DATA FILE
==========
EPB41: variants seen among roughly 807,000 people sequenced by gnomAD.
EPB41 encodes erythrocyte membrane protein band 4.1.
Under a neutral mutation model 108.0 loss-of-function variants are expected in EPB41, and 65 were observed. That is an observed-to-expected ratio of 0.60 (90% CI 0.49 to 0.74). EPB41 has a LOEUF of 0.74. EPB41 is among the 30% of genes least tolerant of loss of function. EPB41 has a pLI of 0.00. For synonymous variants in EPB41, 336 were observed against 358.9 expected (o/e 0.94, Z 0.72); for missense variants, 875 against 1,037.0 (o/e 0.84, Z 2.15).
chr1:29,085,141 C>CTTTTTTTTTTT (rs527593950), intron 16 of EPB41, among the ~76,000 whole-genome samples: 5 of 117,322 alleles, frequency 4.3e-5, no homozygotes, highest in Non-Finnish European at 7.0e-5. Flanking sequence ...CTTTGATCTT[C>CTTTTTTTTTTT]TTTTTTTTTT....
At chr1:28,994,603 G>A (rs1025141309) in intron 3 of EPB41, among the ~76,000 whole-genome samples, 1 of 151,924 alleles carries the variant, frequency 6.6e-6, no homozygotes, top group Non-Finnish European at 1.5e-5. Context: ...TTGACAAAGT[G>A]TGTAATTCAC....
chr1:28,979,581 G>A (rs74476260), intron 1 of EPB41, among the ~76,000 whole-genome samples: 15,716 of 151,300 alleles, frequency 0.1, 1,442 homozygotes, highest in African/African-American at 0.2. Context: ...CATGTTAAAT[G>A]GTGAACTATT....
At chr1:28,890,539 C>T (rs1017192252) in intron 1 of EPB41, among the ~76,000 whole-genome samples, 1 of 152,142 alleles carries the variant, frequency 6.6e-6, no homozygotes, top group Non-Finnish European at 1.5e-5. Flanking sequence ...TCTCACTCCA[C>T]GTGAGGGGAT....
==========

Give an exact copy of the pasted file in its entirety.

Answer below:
EPB41: variants seen among roughly 807,000 people sequenced by gnomAD.
EPB41 encodes erythrocyte membrane protein band 4.1.
Under a neutral mutation model 108.0 loss-of-function variants are expected in EPB41, and 65 were observed. That is an observed-to-expected ratio of 0.60 (90% CI 0.49 to 0.74). EPB41 has a LOEUF of 0.74. EPB41 is among the 30% of genes least tolerant of loss of function. EPB41 has a pLI of 0.00. For synonymous variants in EPB41, 336 were observed against 358.9 expected (o/e 0.94, Z 0.72); for missense variants, 875 against 1,037.0 (o/e 0.84, Z 2.15).
chr1:29,085,141 C>CTTTTTTTTTTT (rs527593950), intron 16 of EPB41, among the ~76,000 whole-genome samples: 5 of 117,322 alleles, frequency 4.3e-5, no homozygotes, highest in Non-Finnish European at 7.0e-5. Flanking sequence ...CTTTGATCTT[C>CTTTTTTTTTTT]TTTTTTTTTT....
At chr1:28,994,603 G>A (rs1025141309) in intron 3 of EPB41, among the ~76,000 whole-genome samples, 1 of 151,924 alleles carries the variant, frequency 6.6e-6, no homozygotes, top group Non-Finnish European at 1.5e-5. Context: ...TTGACAAAGT[G>A]TGTAATTCAC....
chr1:28,979,581 G>A (rs74476260), intron 1 of EPB41, among the ~76,000 whole-genome samples: 15,716 of 151,300 alleles, frequency 0.1, 1,442 homozygotes, highest in African/African-American at 0.2. Context: ...CATGTTAAAT[G>A]GTGAACTATT....
At chr1:28,890,539 C>T (rs1017192252) in intron 1 of EPB41, among the ~76,000 whole-genome samples, 1 of 152,142 alleles carries the variant, frequency 6.6e-6, no homozygotes, top group Non-Finnish European at 1.5e-5. Flanking sequence ...TCTCACTCCA[C>T]GTGAGGGGAT....